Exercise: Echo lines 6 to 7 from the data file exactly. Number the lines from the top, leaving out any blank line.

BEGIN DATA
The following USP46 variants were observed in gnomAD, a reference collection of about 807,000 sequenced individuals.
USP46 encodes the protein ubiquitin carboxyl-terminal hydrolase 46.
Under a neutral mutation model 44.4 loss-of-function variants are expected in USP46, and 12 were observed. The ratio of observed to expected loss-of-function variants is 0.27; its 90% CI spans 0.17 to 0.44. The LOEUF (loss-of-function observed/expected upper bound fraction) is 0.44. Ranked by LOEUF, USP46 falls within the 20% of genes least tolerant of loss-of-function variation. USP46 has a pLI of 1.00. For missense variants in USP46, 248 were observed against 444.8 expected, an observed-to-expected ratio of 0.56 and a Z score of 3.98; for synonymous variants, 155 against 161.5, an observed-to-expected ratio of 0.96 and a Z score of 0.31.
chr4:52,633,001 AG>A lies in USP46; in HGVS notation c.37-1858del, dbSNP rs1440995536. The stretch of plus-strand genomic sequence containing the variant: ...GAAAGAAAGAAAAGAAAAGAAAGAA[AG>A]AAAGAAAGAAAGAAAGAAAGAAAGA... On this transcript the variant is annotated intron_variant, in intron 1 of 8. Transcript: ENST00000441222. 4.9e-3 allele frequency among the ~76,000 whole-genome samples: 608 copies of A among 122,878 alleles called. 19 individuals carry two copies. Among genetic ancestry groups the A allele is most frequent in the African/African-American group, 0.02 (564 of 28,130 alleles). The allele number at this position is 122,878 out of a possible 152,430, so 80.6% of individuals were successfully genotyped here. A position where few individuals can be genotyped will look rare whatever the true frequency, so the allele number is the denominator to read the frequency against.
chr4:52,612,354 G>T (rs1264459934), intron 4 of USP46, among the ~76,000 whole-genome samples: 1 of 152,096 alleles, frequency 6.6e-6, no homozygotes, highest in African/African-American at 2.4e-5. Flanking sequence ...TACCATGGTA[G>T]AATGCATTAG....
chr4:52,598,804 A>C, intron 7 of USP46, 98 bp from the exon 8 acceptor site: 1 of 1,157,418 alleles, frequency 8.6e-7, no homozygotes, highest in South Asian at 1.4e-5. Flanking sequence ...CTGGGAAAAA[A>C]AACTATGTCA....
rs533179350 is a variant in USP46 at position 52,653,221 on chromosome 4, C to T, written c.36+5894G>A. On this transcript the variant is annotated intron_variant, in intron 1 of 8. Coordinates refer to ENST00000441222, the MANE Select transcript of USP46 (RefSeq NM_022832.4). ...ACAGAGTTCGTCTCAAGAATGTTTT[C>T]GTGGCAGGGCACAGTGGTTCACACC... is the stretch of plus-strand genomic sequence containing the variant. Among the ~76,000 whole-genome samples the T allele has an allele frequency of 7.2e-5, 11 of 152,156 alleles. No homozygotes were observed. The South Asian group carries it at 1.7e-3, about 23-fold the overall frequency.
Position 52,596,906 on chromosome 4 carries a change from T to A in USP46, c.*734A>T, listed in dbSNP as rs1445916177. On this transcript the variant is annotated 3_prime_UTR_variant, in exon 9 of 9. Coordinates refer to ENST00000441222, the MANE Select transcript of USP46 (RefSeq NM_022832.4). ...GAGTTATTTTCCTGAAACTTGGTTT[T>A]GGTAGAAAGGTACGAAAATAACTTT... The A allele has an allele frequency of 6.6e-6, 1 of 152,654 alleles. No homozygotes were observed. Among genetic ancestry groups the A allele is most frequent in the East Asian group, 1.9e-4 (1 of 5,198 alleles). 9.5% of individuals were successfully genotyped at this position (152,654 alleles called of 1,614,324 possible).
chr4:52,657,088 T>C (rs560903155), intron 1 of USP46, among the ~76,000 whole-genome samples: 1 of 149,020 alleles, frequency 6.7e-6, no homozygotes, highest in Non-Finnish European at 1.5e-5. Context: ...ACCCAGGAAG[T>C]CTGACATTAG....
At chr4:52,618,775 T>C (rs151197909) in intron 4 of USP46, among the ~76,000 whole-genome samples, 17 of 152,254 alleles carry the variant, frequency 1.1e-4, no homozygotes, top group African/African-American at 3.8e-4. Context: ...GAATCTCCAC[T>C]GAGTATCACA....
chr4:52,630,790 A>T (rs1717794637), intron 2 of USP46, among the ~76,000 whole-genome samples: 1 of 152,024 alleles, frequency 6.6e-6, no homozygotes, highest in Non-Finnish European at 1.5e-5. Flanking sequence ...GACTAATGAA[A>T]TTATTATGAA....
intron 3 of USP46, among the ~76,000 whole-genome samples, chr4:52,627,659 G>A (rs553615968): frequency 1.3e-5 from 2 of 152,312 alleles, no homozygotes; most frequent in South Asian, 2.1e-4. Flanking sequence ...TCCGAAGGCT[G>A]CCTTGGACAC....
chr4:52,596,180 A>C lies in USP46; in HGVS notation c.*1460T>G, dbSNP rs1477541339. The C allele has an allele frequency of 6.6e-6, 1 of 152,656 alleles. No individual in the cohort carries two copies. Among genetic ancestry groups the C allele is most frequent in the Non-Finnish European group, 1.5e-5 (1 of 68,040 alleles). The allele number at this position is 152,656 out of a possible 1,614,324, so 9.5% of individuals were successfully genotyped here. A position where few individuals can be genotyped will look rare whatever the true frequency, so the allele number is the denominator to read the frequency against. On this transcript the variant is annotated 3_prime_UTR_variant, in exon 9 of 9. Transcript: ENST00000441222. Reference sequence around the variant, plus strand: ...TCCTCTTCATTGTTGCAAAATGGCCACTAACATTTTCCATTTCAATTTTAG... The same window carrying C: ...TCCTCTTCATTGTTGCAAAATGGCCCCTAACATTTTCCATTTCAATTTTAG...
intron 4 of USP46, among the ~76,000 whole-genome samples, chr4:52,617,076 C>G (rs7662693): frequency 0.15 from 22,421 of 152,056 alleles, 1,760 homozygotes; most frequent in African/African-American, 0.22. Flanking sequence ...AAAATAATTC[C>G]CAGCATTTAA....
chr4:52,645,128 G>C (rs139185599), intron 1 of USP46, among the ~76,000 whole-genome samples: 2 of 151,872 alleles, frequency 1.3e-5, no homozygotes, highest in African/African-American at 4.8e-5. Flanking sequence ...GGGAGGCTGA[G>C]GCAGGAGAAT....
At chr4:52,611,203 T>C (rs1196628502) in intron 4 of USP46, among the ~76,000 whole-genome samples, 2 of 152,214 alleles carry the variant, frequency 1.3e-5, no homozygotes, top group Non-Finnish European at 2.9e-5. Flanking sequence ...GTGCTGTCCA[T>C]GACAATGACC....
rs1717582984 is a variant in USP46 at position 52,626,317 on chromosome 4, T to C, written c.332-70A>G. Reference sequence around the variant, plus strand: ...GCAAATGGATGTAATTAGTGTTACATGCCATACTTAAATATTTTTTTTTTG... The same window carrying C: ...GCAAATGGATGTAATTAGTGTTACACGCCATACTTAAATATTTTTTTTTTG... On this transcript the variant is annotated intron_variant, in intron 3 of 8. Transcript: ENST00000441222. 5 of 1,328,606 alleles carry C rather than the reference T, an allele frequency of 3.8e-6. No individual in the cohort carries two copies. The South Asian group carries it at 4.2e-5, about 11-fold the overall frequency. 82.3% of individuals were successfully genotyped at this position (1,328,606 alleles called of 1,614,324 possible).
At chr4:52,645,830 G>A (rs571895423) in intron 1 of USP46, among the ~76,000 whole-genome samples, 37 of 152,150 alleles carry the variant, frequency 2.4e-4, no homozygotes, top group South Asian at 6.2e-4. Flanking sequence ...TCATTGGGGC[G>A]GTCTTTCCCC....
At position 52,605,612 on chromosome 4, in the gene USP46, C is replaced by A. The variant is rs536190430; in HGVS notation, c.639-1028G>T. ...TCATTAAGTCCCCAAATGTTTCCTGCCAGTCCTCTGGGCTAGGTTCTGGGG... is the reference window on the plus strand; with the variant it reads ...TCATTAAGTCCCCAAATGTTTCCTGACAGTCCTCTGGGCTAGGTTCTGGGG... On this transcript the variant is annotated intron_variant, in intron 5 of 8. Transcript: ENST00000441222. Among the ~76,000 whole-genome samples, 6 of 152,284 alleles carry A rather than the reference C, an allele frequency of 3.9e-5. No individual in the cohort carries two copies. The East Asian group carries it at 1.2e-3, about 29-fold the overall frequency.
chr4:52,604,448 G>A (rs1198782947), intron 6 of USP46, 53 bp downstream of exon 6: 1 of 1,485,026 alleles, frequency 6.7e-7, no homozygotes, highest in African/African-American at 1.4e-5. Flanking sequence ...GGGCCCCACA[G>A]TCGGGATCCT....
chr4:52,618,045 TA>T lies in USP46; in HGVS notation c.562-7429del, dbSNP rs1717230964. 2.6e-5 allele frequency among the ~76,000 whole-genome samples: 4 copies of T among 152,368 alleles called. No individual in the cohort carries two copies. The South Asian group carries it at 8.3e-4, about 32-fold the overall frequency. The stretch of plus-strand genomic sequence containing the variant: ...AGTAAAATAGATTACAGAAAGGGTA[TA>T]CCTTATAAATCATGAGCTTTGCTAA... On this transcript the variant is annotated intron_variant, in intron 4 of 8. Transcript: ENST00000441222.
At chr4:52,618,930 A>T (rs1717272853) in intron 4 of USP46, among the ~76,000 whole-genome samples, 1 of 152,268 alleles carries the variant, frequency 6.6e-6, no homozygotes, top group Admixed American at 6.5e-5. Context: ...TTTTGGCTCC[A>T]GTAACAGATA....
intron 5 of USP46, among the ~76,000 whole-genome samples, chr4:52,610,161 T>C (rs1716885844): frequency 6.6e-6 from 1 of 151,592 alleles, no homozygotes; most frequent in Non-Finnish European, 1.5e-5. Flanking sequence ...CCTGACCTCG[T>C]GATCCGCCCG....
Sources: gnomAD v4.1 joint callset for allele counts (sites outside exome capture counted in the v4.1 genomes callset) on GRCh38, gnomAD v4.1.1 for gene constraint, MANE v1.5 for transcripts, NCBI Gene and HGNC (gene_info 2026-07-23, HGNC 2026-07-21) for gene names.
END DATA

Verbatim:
chr4:52,598,804 A>C, intron 7 of USP46, 98 bp from the exon 8 acceptor site: 1 of 1,157,418 alleles, frequency 8.6e-7, no homozygotes, highest in South Asian at 1.4e-5. Flanking sequence ...CTGGGAAAAA[A>C]AACTATGTCA....
rs533179350 is a variant in USP46 at position 52,653,221 on chromosome 4, C to T, written c.36+5894G>A. On this transcript the variant is annotated intron_variant, in intron 1 of 8. Coordinates refer to ENST00000441222, the MANE Select transcript of USP46 (RefSeq NM_022832.4). ...ACAGAGTTCGTCTCAAGAATGTTTT[C>T]GTGGCAGGGCACAGTGGTTCACACC... is the stretch of plus-strand genomic sequence containing the variant. Among the ~76,000 whole-genome samples the T allele has an allele frequency of 7.2e-5, 11 of 152,156 alleles. No homozygotes were observed. The South Asian group carries it at 1.7e-3, about 23-fold the overall frequency.